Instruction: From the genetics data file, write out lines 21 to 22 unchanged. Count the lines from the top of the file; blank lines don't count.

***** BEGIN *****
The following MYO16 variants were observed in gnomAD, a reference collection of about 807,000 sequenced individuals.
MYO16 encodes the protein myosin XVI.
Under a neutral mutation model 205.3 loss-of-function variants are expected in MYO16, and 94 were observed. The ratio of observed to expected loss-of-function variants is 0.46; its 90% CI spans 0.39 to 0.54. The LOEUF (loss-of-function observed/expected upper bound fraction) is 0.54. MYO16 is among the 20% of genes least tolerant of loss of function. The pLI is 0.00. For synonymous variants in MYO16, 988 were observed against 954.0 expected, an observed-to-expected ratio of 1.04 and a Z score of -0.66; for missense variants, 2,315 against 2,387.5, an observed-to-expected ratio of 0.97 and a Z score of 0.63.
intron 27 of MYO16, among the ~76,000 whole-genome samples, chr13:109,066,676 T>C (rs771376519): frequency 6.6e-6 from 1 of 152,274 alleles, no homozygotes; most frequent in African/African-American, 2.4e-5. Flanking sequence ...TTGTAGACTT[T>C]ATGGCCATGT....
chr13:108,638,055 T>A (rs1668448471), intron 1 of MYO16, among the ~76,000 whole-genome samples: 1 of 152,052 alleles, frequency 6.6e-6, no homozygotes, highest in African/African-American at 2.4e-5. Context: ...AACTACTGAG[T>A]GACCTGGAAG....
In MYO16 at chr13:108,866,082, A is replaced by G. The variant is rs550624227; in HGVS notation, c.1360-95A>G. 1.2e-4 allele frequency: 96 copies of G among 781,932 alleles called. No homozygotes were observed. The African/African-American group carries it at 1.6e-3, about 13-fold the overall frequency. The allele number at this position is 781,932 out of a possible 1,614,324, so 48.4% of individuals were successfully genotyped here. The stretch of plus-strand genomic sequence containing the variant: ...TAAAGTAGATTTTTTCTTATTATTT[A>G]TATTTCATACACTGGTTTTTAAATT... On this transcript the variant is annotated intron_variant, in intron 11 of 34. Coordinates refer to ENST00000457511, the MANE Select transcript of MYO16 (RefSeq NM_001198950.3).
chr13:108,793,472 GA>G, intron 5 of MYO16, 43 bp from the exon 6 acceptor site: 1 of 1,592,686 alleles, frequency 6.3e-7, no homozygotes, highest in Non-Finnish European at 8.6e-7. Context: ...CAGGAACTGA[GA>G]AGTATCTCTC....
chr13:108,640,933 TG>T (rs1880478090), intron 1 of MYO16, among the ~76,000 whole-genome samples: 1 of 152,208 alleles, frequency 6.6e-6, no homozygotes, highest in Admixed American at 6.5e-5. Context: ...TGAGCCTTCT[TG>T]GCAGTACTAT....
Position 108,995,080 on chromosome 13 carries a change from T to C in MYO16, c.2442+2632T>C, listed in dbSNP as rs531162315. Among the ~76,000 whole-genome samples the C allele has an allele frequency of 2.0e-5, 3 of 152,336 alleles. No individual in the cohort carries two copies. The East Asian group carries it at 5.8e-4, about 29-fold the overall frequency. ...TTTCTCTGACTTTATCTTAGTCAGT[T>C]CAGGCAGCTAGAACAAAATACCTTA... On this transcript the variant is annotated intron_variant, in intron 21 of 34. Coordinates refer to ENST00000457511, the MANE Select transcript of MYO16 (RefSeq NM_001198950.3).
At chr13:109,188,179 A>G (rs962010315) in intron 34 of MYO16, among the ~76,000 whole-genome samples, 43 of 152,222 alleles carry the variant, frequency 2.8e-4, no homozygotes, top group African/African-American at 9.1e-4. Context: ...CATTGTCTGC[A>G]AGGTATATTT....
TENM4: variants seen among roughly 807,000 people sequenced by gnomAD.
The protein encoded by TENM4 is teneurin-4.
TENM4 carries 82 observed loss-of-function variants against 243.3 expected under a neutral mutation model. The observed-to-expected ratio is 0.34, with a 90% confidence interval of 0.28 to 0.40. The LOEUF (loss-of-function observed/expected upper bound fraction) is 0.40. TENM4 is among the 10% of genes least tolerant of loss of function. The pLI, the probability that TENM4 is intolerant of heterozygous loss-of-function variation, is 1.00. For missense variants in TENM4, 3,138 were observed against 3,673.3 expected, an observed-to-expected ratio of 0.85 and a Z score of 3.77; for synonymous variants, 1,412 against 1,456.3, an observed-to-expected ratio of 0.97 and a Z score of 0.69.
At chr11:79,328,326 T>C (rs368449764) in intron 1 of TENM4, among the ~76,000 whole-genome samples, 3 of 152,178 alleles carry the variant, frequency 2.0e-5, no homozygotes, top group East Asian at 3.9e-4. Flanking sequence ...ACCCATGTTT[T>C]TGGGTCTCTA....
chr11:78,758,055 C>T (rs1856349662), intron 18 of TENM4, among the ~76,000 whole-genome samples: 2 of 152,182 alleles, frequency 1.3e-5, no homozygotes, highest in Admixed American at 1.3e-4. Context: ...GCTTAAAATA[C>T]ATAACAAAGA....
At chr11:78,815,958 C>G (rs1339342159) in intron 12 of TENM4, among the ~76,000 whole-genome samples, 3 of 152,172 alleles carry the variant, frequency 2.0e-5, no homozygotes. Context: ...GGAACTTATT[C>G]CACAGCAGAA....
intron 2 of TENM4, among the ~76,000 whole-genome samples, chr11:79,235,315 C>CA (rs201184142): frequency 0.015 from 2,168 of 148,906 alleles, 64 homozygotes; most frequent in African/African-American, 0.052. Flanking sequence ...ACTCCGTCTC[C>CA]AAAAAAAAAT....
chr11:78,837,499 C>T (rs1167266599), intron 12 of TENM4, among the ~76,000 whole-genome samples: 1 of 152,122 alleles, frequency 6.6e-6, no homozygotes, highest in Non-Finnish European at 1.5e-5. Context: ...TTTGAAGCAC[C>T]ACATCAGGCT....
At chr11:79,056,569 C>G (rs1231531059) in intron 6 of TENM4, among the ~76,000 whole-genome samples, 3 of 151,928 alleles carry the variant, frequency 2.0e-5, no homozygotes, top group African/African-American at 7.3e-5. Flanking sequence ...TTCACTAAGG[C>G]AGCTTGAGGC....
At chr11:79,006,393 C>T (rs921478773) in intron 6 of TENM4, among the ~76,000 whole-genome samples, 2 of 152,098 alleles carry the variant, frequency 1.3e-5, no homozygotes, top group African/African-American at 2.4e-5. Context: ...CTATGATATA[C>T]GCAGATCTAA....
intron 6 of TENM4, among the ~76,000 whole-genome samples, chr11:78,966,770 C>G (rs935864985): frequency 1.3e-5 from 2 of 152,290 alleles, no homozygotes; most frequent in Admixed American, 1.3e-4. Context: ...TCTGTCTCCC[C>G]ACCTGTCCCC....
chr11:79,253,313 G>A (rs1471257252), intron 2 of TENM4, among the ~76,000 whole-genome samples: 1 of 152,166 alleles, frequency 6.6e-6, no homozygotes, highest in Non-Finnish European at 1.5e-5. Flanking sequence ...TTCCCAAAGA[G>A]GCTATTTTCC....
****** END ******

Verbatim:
intron 6 of TENM4, among the ~76,000 whole-genome samples, chr11:78,966,770 C>G (rs935864985): frequency 1.3e-5 from 2 of 152,290 alleles, no homozygotes; most frequent in Admixed American, 1.3e-4. Context: ...TCTGTCTCCC[C>G]ACCTGTCCCC....
chr11:79,253,313 G>A (rs1471257252), intron 2 of TENM4, among the ~76,000 whole-genome samples: 1 of 152,166 alleles, frequency 6.6e-6, no homozygotes, highest in Non-Finnish European at 1.5e-5. Flanking sequence ...TTCCCAAAGA[G>A]GCTATTTTCC....